I know your pain and confusion--but I just grabbed the Pimsleur Cantonese course and jumped in. (I am not Asian and didn't grow up hearing any Asian languages as a child, so you have it over me there.) Don't dismiss the "easy" stuff. Mastering the easy stuff, all of it, perfectly, is the perfect platform for future study. You say the tones are your weakest point--well, that is just what Pimsleur stresses, correct tone production. Sure, you won't learn much more than travelers' survival Canto from Pimsleur, but that forms a great platform for future study. It seems that there are free podcasts from ITunes for students of Cantonese. I was directed to the Naked Cantonese series. There is also a website called Cantophilia (or something like that) that is geared mostly towards advanced beginners and intermediate students that uses video clips from tv and movies with related instructional materials. If you've already got the basics, I think there is more out there than you would think, but it seems to be on the web and not at Amazon.com.
over 13 years ago
Photo 73131
I could learn a word a day, and then forget it two days later. :P I still do have resources I haven't totally exhausted in mastering. I just haven't made it a priority to do. Sometimes, I'd get bored with it or wonder if I'm learning the most practical lessons. It's one of those things I want to do eventually.
over 13 years ago
Mariejost 26 dsc00460
Yeah, learning a language has its boring grind aspects, I certainly can identify with that. I just keep at it, 30-45 minutes a day, 6-7 days a week. Every time I watch a Hong Kong film or listen to some Cantopop song and can recognize more words, I know I am making progress. It may seem like a snail's pace, but the progress is measurable month by month. I also keep the ultimate goal out in front of me--I want to be able to listen to Leslie Cheung singing a song and understand the lyrics as he is singing them. It took me 6 years to reach that point in Spanish (flamenco's don't pronounce words like any language course), but I made it! With Cantonese, I don't have to learn the standard language and then learn a highly idiosyncratic regional variant to reach my goal. I don't have to memorize hundreds of irregular verbs (in 2 modes and about 18 tenses), irregular adjectives, 52 ways to say the same thing--all different depending on which country or region you are in. All of that time I can spend on actually learning how to speak and read and write. I so love the simplified grammar in Cantonese. I can do this, I know I can do this. Last night I understood an entire phrase in a movie and was able to give my husband the literal translation versus how it was rendered in the subtitles (which gave what was said an entirely different character than what the subs could communicate). It is tiny milestones like this that give me the ability to soldier on. Also, I am in love with the look of Chinese characters. I love learning to draw them and I love how they look on the page of a book or on a scroll or painting. So much inspiration to learn how to read them. I just wonder why it took me so long to discover this marvelous language?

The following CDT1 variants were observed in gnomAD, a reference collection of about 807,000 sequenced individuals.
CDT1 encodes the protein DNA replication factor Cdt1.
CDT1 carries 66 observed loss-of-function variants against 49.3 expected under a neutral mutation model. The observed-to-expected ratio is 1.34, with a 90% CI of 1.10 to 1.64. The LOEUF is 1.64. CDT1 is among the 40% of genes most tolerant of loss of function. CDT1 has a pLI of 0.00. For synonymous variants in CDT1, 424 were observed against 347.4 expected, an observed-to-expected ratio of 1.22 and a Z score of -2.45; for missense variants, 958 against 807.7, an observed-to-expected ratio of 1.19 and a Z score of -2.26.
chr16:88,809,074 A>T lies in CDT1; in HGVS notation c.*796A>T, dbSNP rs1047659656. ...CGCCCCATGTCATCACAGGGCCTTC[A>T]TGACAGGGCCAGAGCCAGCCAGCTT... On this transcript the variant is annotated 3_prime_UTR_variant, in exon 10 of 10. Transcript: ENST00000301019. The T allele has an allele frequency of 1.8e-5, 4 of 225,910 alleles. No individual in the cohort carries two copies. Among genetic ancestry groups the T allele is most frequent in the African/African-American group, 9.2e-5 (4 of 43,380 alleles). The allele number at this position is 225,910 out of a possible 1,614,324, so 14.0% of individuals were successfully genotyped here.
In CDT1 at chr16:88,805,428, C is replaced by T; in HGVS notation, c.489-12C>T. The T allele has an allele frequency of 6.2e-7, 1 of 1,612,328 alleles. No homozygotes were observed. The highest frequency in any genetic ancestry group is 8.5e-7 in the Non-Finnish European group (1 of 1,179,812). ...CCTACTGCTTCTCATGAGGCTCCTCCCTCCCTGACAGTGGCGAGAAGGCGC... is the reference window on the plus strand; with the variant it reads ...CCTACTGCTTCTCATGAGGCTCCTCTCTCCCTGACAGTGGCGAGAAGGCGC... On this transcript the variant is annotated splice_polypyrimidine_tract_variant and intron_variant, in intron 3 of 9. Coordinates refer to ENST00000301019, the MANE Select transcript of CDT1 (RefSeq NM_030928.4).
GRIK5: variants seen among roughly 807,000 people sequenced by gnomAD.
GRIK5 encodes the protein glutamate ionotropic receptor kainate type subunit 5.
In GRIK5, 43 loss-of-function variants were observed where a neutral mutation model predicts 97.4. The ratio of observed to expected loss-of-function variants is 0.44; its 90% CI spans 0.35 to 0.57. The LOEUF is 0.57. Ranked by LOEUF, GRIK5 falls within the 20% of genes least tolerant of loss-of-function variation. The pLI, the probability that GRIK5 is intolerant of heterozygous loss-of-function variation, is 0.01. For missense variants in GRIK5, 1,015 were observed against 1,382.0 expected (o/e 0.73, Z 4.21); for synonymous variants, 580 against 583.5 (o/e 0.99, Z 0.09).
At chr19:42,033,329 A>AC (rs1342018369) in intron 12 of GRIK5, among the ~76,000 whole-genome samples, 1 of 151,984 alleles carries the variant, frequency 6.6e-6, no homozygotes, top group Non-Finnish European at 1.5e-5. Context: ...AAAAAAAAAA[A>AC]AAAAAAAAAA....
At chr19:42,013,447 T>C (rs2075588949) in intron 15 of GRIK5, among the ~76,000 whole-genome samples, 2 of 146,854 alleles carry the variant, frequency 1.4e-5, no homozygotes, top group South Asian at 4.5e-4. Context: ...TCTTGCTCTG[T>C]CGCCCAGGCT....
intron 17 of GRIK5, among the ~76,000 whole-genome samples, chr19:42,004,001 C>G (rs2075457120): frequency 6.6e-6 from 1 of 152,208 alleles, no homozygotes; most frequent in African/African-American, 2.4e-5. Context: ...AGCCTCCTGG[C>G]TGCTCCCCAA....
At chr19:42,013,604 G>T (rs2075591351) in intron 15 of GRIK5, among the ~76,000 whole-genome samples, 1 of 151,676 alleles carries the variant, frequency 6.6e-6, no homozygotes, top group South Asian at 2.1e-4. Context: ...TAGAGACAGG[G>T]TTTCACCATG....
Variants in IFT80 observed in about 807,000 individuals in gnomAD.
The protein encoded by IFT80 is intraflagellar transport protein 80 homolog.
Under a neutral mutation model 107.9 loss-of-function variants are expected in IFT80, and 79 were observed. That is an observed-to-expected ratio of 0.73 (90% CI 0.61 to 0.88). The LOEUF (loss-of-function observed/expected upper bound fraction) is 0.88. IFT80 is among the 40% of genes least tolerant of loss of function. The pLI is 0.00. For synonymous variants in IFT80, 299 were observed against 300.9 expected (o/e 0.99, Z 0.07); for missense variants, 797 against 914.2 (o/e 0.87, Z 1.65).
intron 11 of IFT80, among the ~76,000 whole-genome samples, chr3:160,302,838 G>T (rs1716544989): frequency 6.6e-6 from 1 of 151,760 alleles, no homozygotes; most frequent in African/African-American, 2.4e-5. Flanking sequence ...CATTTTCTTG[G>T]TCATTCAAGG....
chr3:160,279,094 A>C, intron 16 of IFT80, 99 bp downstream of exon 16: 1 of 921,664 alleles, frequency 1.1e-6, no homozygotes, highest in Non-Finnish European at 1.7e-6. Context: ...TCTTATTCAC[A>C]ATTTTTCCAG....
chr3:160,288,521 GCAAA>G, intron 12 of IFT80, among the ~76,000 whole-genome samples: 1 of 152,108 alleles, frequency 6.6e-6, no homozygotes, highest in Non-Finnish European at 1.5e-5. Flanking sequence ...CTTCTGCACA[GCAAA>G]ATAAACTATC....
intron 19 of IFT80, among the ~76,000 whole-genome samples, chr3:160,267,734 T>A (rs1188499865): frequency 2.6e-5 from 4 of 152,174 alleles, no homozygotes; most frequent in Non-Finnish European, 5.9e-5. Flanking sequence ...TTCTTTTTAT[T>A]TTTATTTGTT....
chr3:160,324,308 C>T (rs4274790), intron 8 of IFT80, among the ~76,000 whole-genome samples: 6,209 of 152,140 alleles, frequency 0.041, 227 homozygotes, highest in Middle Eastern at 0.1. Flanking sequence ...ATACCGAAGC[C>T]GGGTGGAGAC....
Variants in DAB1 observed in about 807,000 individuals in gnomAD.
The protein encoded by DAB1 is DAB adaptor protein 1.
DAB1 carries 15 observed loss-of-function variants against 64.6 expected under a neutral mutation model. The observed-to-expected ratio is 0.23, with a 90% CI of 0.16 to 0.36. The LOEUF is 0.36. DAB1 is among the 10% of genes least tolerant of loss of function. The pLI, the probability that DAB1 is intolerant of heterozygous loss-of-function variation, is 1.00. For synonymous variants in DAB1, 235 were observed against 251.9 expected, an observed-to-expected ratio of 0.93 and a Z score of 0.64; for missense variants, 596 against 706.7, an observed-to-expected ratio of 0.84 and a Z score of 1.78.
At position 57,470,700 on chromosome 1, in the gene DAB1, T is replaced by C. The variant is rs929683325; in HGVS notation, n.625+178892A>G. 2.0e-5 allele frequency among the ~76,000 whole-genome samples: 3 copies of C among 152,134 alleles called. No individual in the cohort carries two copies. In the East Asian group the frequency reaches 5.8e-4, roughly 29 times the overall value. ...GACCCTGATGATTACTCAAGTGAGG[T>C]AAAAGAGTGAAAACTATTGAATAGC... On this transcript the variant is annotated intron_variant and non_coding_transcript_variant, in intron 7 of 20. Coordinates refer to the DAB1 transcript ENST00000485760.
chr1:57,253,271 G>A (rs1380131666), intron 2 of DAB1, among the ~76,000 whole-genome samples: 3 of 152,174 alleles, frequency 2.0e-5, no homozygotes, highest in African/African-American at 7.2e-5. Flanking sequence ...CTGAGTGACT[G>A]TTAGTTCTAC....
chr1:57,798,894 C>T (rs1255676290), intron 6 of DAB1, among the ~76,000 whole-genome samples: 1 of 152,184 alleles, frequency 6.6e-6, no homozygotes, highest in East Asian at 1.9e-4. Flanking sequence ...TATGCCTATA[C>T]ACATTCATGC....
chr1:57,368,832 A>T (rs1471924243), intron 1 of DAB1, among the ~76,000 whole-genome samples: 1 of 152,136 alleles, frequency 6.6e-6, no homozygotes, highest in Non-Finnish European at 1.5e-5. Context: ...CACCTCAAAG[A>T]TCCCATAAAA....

over 13 years ago


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April 9, 2008